Hard one to answer. As you get older books don't smack you as hard, and the profundity just isn't there no matter who you read. Nowadays I find that I don't get the "holy shit, this guy/gal is a genius!" kind of reactions to books anymore, and my appraisal will suffer for it.
For instance, I read The Picture of Dorian Gray as a youngster and thought it was amazing. Even tried to rationalize some of it by suggesting that the thoughts we conceive come to transform our features because we are exercising (or not exercising) certain of our facial muscles, making them prominent (or not) - so if we smile a lot the muscles employed in smiling will become prominent and we'll look like a "happy person", and if we scowl alot... you get the picture.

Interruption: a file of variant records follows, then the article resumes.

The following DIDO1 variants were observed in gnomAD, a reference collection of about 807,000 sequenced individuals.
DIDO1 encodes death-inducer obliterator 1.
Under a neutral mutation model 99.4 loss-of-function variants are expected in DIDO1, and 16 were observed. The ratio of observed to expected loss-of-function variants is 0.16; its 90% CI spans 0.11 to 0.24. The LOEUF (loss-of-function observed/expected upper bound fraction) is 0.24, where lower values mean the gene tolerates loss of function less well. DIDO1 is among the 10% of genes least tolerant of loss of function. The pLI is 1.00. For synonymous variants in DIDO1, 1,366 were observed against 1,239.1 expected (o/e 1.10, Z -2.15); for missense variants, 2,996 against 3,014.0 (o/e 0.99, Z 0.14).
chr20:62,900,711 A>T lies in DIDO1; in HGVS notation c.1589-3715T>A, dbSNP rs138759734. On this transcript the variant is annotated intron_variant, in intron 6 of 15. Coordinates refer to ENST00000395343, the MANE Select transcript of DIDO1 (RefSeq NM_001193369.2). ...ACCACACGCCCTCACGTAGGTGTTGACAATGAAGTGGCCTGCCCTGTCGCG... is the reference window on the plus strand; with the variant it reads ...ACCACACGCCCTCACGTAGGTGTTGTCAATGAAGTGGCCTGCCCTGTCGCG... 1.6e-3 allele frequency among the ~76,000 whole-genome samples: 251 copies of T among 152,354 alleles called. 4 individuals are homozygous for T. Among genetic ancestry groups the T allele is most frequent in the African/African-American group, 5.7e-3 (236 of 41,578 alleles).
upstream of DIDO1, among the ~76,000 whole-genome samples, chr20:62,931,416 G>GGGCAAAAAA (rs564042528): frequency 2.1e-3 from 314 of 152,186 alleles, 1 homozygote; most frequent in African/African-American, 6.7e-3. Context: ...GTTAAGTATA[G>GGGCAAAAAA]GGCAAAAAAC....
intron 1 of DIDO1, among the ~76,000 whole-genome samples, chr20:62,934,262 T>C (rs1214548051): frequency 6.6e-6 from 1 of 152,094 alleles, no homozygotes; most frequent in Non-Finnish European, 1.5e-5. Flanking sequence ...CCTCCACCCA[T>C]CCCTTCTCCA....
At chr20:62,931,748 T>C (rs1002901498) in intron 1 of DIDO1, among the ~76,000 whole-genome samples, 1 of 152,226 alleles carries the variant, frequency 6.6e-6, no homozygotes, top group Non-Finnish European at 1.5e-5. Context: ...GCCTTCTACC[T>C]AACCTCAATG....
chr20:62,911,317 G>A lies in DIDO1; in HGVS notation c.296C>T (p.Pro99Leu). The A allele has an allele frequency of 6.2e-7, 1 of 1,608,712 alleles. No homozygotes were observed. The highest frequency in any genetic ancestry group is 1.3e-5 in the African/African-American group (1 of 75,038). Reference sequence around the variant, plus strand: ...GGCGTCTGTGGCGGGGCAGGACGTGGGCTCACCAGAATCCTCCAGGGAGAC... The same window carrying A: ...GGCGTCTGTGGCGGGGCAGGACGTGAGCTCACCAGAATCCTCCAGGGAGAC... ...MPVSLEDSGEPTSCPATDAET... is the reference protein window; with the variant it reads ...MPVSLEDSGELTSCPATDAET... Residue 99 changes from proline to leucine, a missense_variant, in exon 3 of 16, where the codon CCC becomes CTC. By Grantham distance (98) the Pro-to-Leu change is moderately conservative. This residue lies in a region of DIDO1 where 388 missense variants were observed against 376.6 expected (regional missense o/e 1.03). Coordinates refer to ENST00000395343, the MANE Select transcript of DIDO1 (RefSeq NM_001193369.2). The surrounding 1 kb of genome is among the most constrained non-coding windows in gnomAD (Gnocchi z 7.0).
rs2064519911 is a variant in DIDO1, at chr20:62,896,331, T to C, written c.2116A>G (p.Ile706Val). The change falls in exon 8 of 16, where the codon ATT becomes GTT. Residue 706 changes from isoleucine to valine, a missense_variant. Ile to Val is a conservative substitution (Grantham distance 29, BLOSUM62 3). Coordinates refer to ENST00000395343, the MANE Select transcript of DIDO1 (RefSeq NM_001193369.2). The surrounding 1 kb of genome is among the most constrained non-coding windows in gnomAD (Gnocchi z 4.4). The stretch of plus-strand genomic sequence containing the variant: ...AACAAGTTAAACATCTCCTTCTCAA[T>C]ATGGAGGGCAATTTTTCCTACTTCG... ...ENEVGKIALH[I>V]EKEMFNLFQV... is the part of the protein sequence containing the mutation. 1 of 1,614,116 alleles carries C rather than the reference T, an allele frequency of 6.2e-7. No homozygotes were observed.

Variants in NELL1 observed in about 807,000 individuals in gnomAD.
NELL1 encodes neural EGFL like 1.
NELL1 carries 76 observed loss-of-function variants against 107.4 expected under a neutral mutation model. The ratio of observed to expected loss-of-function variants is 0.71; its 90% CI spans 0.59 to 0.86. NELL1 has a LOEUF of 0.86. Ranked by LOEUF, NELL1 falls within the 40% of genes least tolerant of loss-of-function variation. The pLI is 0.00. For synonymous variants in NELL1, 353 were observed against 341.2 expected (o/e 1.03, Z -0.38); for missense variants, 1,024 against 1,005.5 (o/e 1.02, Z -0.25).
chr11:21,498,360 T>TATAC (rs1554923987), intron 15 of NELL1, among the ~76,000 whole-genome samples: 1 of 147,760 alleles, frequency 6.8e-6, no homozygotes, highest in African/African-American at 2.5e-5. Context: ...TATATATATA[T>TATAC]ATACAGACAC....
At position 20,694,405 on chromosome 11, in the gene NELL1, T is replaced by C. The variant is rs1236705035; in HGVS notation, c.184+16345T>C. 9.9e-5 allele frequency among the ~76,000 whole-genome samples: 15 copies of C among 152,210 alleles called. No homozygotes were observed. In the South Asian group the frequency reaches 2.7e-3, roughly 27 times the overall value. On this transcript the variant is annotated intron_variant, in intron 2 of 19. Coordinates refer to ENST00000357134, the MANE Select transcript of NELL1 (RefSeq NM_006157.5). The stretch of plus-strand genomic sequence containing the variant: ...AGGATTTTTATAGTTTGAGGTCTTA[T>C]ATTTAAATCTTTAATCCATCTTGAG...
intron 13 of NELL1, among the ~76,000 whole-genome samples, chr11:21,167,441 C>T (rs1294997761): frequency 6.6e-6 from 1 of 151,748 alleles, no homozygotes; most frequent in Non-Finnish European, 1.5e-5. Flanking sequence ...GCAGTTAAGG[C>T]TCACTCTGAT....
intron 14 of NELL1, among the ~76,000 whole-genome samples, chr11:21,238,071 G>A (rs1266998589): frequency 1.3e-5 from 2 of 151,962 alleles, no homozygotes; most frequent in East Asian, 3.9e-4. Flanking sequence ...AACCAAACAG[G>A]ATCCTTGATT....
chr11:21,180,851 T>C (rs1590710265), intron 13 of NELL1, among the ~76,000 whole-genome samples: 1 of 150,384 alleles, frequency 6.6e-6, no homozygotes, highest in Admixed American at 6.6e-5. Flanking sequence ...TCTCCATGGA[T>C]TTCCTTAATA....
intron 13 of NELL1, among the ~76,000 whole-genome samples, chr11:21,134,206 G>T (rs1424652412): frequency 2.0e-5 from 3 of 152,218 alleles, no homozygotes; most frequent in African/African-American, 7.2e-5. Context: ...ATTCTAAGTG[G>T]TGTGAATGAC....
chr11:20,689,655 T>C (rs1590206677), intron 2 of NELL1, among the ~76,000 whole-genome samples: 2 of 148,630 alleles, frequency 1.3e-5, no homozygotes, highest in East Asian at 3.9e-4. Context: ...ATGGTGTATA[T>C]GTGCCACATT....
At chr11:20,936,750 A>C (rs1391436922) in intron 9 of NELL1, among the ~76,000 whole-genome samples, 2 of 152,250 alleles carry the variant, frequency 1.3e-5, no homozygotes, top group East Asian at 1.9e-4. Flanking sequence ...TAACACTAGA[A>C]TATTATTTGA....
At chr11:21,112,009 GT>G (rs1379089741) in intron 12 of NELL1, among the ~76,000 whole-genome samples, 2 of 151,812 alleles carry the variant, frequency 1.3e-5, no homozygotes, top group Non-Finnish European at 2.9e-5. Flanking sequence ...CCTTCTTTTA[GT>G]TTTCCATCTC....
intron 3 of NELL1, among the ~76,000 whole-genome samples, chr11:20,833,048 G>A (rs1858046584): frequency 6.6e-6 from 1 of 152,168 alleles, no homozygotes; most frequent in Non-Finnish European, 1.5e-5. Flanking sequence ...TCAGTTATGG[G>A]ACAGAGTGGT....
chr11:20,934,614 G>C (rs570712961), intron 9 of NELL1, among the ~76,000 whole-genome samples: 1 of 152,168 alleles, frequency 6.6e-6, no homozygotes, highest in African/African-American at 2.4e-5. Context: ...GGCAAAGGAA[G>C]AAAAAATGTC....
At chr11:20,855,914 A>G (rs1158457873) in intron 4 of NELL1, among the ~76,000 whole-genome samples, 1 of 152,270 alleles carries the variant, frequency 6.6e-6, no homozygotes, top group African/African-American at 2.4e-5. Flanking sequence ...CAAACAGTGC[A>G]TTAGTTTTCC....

But when I reread it in later years - it might be the only book I've ever reread - it didn't seem that great. Great writing, but the ideas didn't seem especially intriguing and for me it's all about the ideas.
I will say that I like Russian authors - the plot always seems to take a back seat to the characters, and man can they paint a portrait. Dostoyevski and Tolstoy don't really seem to give a shit about what happens, they only care about how people react to what happens, and for some reason that seems realistic - in real life, for the most part, nothing fantastic really happens to the average person, but the little things that happen still provoke great reactions nonetheless, and these are the sustenance of our daily interest, so reading of the same rings true for me.
Probably Hermann Hesse though: Naricuss and Goldmund. Deeply resonant.